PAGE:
The Difference Between Understanding And Experiencing Privilege

This month, pending a background check, I’ll start co-leading a writing group for clients at a mental health agency in New York City. It’s the fusion of two passions—creative writing and ending stigma against mental illness. After arriving at the agency yesterday to complete paperwork, I lingered in the lobby waiting for my appointment to begin. Watching the clients and staff interact, I remembered returning from a support group years ago. “I hated it,” I told my now-husband. “I’m nothing like them.”

“No,” he said. “But you are related.”

Now a client gave me a warm, blinding smile. Grinning back, I realized how often I only focus on relating to others who face the same battles. At the same time, I’ve demanded others’ unconditional understanding of my myriad challenges and shortcomings.

The hypocrisy struck me like a punch in the gut. The emotion that bubbled up, however, wasn’t shame or sadness, but gratitude for the opportunity to be humbled.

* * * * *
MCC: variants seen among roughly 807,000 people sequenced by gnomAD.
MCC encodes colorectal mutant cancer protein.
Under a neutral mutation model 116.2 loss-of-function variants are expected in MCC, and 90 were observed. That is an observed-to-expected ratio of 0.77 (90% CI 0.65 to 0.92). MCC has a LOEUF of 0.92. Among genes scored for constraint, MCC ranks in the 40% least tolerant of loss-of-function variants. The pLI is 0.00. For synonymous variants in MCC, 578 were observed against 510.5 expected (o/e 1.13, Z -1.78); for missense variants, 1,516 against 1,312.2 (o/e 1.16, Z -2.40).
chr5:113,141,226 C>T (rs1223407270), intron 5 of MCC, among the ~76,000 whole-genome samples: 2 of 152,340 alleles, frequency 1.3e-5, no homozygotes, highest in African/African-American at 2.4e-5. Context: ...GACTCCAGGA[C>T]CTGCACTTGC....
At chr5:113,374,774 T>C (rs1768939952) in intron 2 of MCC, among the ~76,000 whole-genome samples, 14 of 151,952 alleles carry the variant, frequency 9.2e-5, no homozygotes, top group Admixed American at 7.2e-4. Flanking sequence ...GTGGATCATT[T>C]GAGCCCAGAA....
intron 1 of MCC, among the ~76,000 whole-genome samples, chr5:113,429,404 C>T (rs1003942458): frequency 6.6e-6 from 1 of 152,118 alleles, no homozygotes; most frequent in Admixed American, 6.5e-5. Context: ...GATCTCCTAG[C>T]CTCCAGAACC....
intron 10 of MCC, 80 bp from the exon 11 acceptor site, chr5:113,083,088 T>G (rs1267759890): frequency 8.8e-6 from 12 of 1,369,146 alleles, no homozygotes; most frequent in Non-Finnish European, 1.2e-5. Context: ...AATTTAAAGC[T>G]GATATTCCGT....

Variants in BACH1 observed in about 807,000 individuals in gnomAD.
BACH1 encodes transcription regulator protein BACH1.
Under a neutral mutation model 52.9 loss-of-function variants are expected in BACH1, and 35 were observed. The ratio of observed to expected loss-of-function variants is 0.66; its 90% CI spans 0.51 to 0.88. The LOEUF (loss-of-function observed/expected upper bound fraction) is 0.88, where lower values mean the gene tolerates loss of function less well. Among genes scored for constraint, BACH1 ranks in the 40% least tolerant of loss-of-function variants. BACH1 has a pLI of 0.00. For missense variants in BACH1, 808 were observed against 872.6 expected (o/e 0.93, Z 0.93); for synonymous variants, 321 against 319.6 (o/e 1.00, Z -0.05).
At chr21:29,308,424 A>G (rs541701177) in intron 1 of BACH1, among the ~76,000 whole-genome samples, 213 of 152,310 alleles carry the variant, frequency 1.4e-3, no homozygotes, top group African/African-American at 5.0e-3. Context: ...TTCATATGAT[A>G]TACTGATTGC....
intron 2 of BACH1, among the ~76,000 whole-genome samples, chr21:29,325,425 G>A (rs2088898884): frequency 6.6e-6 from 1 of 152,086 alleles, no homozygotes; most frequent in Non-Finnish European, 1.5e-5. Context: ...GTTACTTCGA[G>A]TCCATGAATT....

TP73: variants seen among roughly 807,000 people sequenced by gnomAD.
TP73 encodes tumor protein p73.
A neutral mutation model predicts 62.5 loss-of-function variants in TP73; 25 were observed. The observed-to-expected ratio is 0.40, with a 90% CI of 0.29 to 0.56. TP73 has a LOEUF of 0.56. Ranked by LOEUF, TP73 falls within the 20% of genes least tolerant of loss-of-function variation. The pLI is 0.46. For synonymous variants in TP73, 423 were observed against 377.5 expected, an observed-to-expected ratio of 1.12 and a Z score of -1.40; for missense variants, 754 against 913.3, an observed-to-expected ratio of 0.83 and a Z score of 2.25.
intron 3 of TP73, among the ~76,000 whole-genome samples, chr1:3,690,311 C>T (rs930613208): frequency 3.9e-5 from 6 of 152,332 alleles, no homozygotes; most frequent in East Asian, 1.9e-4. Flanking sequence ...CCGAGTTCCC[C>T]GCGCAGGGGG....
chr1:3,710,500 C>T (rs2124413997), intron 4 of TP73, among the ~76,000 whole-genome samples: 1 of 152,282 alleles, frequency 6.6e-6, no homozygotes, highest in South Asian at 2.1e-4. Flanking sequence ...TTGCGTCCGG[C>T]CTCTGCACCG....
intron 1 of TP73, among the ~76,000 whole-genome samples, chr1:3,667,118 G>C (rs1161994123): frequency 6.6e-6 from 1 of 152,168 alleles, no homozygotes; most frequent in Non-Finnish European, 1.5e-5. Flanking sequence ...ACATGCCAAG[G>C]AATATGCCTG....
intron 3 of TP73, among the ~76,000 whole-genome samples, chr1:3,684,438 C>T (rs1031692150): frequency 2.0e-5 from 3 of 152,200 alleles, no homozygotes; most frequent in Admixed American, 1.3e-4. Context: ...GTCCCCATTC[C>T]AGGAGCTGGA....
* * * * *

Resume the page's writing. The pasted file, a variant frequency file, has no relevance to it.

Unlike many others, I had the privilege of growing up white and middle class, which meant easier access to resources like therapy. While stigma persists across racial and economic lines, people of color, especially those from underserved backgrounds, struggle to have those same benefits. It seems rudimentary, but there’s a distinction between intellectually understanding privilege and recognizing the experience of it.

I considered the good fortune of having a career, maintaining a relationship, and supporting adults of all ages going through a range of mental health issues. I left the appointment refreshed. As for the writing group, I can’t wait to officially get started.

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